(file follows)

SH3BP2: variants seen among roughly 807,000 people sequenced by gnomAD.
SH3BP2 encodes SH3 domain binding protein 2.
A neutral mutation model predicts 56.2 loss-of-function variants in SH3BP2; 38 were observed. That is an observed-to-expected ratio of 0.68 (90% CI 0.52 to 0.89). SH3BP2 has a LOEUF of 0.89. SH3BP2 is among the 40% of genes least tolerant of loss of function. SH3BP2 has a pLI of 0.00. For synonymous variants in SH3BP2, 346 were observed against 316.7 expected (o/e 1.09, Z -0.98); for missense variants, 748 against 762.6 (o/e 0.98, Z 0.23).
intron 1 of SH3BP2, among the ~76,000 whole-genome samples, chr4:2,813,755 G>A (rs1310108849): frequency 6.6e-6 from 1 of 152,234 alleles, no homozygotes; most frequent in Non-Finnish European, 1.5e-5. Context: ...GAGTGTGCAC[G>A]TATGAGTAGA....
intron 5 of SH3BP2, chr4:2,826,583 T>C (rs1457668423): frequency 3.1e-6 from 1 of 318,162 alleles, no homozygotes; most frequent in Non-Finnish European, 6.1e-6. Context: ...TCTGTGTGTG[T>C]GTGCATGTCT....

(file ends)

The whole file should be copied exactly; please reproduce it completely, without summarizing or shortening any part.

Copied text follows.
SH3BP2: variants seen among roughly 807,000 people sequenced by gnomAD.
SH3BP2 encodes SH3 domain binding protein 2.
A neutral mutation model predicts 56.2 loss-of-function variants in SH3BP2; 38 were observed. That is an observed-to-expected ratio of 0.68 (90% CI 0.52 to 0.89). SH3BP2 has a LOEUF of 0.89. SH3BP2 is among the 40% of genes least tolerant of loss of function. SH3BP2 has a pLI of 0.00. For synonymous variants in SH3BP2, 346 were observed against 316.7 expected (o/e 1.09, Z -0.98); for missense variants, 748 against 762.6 (o/e 0.98, Z 0.23).
intron 1 of SH3BP2, among the ~76,000 whole-genome samples, chr4:2,813,755 G>A (rs1310108849): frequency 6.6e-6 from 1 of 152,234 alleles, no homozygotes; most frequent in Non-Finnish European, 1.5e-5. Context: ...GAGTGTGCAC[G>A]TATGAGTAGA....
intron 5 of SH3BP2, chr4:2,826,583 T>C (rs1457668423): frequency 3.1e-6 from 1 of 318,162 alleles, no homozygotes; most frequent in Non-Finnish European, 6.1e-6. Context: ...TCTGTGTGTG[T>C]GTGCATGTCT....